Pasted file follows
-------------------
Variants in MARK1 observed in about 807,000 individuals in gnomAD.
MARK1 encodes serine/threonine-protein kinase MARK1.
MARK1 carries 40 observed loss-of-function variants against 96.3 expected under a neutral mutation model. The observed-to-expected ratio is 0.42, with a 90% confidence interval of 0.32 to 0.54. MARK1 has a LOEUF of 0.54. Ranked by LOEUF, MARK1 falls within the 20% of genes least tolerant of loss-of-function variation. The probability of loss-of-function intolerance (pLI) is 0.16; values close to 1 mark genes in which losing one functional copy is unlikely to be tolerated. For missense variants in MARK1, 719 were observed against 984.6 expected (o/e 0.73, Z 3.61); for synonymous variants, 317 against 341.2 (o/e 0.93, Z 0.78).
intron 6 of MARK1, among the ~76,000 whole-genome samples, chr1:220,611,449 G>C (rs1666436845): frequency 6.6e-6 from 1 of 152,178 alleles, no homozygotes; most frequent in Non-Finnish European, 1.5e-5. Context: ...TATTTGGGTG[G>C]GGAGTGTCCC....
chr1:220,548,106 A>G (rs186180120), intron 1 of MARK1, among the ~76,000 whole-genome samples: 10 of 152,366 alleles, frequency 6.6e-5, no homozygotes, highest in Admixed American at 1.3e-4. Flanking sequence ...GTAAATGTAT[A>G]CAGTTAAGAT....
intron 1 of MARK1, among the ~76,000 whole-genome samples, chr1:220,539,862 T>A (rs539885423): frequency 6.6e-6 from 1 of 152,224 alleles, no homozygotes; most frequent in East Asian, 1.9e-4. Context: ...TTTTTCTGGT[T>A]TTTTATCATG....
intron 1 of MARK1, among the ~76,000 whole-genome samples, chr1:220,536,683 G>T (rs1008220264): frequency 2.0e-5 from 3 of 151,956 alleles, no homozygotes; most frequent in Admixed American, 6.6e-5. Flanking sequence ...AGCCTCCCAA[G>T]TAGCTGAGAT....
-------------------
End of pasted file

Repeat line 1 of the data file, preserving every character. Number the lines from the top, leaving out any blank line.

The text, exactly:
Variants in MARK1 observed in about 807,000 individuals in gnomAD.